omQ R said, over 3 years ago


    Say, can you explain why a “consultant” a.k.a medical specialist, here in the UK is a “Mister” and not a “Doctor”? Iºm sure theyºre doctors before they specialise so why the “demotion”?
    My dentist here is also a Mr., not a Dr. unlike my Saffie dentists.
    In Portugal, anyone with a [at least pre-Bologna accord licentiate,] degree is Senhor(a)Doutor(a) or Srº/ªDrº/ª. Engineers are Srº/ª Engº/ª. Doctors donºt get more letters as far as I know, although they have to study longer to get their “canudo”.

  12. lonecat

    lonecat said, over 3 years ago

    @omQ R

    No, I can’t explain — I do have the impression the in Britain surgeons used to be “Mister” rather than “Doctor”. But all these titles seem a little silly to me. As I say, “Call me anything, just don’t call me late for dinner.”

  13. omQ R

    omQ R said, over 3 years ago


    Ha! “Mister Doctor” sounds as silly in Portuguese as it does in English. There was a student movement a few years back in Portugal (At least in Coimbra), to eliminate the Sr.Dr. nonsense but I’m not sure what came of it. At my workplace there were Portuguese cleaning staff who insisted on calling me Sr. Eng until I begged them to stop. Austrians aren’t too far behind. My wife had her title in her passport, not that she even asked nor does she know how the hell they knew of it; she’s sure she didn’t mention it in the application. It then caused the British bank where she opened up an account to also transfer it across despite that application just having her only 2 names (passport = required form of ID) and it therefore thought her 1st names were “Mag.Phil Elisabeth”, plus title “Mrs.”
    When we were recently looking for apartments in Vienna, we found it amusing to look at the intercom labels. Folks seem to be trying to out do themselves to see how many letters of titles they could fit into a very small space reserved for their name. At least we knew the building therefore had esteemed professional tenants. ;-)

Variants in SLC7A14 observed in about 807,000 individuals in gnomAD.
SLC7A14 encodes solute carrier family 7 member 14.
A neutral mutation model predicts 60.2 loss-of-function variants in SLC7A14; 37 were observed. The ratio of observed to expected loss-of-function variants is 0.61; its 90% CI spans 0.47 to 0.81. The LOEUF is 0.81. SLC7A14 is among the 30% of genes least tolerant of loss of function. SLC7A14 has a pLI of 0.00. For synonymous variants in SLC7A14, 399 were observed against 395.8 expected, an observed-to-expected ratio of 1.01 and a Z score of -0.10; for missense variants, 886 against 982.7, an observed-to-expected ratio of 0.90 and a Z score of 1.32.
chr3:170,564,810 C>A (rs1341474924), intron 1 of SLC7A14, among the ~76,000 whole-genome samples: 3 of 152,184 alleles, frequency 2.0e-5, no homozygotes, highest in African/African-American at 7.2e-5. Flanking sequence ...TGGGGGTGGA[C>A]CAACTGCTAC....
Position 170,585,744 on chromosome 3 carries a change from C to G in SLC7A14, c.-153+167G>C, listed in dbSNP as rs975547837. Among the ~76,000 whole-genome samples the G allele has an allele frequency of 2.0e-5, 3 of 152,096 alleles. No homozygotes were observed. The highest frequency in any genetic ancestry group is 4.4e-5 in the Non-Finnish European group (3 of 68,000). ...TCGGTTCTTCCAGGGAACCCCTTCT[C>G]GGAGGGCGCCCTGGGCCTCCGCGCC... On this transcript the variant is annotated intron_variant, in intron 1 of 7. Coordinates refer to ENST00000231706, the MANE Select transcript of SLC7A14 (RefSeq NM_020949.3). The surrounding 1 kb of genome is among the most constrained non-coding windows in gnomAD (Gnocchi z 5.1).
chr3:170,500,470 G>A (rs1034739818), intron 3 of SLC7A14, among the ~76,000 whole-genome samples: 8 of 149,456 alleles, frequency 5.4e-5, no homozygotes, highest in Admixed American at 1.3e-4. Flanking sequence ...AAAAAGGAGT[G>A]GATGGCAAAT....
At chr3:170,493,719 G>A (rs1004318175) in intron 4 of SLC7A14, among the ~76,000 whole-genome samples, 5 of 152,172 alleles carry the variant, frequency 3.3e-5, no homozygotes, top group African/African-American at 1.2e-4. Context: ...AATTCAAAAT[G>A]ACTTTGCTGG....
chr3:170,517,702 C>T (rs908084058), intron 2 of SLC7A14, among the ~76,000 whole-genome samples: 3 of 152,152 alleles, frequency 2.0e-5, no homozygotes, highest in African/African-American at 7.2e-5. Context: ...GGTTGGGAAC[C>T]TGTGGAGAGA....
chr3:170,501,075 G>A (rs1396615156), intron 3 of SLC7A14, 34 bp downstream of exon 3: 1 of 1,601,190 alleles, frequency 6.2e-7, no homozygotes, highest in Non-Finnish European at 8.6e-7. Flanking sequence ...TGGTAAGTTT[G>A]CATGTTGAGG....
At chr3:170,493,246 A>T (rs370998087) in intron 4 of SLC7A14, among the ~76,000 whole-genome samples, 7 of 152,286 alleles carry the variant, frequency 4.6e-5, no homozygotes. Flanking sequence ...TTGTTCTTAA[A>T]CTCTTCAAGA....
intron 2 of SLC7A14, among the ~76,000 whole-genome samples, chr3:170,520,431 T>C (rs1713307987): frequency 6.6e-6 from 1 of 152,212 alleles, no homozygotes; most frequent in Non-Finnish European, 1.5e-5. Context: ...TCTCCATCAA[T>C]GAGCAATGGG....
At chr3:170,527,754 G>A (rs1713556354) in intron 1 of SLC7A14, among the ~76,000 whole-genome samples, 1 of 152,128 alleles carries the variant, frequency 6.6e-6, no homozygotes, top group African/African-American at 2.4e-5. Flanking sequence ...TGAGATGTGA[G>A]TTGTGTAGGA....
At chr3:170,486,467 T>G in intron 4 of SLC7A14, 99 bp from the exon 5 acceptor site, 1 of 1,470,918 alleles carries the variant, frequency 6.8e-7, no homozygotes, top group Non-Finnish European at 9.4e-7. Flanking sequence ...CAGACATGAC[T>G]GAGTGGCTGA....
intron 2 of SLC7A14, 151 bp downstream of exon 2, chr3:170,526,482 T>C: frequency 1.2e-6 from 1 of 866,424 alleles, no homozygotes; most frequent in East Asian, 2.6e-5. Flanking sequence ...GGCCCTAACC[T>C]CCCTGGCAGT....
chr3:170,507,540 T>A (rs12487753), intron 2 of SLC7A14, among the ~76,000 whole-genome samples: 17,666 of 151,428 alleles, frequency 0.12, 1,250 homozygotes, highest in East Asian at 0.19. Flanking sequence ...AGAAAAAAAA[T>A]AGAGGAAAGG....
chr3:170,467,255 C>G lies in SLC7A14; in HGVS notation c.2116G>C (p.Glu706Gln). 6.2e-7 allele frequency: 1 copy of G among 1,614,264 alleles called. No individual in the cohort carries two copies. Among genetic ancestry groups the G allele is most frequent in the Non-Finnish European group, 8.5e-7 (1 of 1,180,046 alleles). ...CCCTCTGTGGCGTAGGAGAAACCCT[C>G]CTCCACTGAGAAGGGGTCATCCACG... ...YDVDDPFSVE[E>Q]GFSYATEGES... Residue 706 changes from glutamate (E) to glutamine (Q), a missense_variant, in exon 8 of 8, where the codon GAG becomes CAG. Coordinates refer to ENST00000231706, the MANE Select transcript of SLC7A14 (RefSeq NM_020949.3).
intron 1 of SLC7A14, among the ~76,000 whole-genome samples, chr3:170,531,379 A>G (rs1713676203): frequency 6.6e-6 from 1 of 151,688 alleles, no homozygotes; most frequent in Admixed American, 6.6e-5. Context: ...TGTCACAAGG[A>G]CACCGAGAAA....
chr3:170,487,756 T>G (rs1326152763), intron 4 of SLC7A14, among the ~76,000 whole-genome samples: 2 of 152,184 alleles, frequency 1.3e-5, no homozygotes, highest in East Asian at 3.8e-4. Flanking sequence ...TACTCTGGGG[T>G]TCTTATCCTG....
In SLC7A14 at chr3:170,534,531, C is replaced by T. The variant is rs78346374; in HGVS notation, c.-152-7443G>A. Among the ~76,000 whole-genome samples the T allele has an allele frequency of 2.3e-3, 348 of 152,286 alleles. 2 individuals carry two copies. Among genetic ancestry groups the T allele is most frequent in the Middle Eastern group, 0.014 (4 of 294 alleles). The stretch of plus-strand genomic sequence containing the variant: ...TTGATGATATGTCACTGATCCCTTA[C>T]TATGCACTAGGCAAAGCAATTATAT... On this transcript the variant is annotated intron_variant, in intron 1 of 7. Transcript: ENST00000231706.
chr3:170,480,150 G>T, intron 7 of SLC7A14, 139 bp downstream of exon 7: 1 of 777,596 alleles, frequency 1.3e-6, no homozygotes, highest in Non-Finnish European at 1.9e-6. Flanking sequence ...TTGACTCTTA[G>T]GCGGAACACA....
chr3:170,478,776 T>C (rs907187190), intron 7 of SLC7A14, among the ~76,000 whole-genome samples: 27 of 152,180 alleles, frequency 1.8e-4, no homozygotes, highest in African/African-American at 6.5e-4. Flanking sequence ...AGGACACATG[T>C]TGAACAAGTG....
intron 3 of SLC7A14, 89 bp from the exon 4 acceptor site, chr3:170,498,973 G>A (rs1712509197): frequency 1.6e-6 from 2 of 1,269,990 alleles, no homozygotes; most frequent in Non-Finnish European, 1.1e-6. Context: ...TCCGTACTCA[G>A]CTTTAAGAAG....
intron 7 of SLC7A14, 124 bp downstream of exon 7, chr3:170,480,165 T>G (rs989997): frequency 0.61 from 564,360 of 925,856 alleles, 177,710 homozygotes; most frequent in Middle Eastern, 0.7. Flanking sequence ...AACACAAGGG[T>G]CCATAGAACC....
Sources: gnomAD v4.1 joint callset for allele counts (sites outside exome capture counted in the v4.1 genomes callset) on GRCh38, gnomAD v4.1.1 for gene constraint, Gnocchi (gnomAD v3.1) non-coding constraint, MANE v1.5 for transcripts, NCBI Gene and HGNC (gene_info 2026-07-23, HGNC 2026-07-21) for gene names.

oh crap, I hope DrC isn’t reading too much into this…:-s

  14. omQ R

    omQ R said, over 3 years ago

    @omQ R

    “Well, somebody’s gotta stand up to the experts!”

    I think your PhD would be referred as to “Professor Doutor” in Portugal. A little better than “Mister Doctor”!
    In Austria, if you hold multiple degrees, apparently there’s a protocol on how to write them after your surname which is what we observed on those entry phones in Vienna.
    I suppose there’s a protocol everywhere (peer reviewed papers etc) but I don’t think the entry-phone’s the place to put it. ;-)

  15. lonecat

    lonecat said, over 3 years ago

    @omQ R

    Yes, there’s protocol in the US and in Canada, but I can’t say I pay attention to it. I have both an MA and and AM — the same degree but from different institutions — and I can never remember which is supposed to come first, so I usually just leave them out. I just don’t care. But when I got my Ph.D. there was a person in the graduate department whose whole job was worrying about this kind of detail — I remember because there was a question about which hat I should wear at convocation, the MA hat or the AM hat — you see we weren’t allowed to wear the Ph.D. hat until the ceremony was over, or at least until each of us individually received the degree, or something like that.